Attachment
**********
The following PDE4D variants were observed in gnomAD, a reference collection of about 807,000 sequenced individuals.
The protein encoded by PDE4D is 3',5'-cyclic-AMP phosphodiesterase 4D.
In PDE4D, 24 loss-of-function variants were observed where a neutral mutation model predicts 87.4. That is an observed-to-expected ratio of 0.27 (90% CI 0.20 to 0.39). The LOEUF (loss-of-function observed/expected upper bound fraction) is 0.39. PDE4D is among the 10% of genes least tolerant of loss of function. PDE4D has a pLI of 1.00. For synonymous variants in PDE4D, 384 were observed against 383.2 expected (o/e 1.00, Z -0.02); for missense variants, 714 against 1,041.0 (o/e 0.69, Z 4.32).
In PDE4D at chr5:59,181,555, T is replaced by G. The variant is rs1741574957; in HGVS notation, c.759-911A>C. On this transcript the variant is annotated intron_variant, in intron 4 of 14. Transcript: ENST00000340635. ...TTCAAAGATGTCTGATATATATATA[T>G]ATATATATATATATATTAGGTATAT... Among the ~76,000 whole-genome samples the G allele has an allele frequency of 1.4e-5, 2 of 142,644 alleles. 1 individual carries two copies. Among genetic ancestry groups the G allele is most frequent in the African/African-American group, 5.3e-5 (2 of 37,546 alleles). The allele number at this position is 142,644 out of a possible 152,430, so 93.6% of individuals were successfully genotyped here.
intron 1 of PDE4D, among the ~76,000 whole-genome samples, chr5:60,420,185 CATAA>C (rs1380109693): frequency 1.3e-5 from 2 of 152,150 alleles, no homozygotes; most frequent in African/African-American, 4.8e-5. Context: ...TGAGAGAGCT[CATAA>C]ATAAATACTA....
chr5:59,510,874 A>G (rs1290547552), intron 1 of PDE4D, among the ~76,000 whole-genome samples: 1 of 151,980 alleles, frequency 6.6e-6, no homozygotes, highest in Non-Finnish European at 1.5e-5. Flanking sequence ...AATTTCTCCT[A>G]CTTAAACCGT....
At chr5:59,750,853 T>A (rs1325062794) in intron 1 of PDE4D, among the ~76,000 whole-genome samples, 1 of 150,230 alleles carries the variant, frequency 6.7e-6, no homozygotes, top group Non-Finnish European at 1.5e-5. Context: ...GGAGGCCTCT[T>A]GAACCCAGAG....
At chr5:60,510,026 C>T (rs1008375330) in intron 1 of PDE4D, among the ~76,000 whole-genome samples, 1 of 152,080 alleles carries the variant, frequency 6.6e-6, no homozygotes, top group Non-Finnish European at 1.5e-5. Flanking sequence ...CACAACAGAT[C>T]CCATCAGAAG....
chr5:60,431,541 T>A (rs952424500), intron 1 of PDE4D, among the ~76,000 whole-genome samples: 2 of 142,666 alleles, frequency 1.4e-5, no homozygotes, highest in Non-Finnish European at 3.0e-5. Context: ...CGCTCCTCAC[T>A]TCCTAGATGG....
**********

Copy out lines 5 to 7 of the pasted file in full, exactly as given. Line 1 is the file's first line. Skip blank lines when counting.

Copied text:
intron 1 of PDE4D, among the ~76,000 whole-genome samples, chr5:60,420,185 CATAA>C (rs1380109693): frequency 1.3e-5 from 2 of 152,150 alleles, no homozygotes; most frequent in African/African-American, 4.8e-5. Context: ...TGAGAGAGCT[CATAA>C]ATAAATACTA....
chr5:59,510,874 A>G (rs1290547552), intron 1 of PDE4D, among the ~76,000 whole-genome samples: 1 of 151,980 alleles, frequency 6.6e-6, no homozygotes, highest in Non-Finnish European at 1.5e-5. Flanking sequence ...AATTTCTCCT[A>G]CTTAAACCGT....
At chr5:59,750,853 T>A (rs1325062794) in intron 1 of PDE4D, among the ~76,000 whole-genome samples, 1 of 150,230 alleles carries the variant, frequency 6.7e-6, no homozygotes, top group Non-Finnish European at 1.5e-5. Context: ...GGAGGCCTCT[T>A]GAACCCAGAG....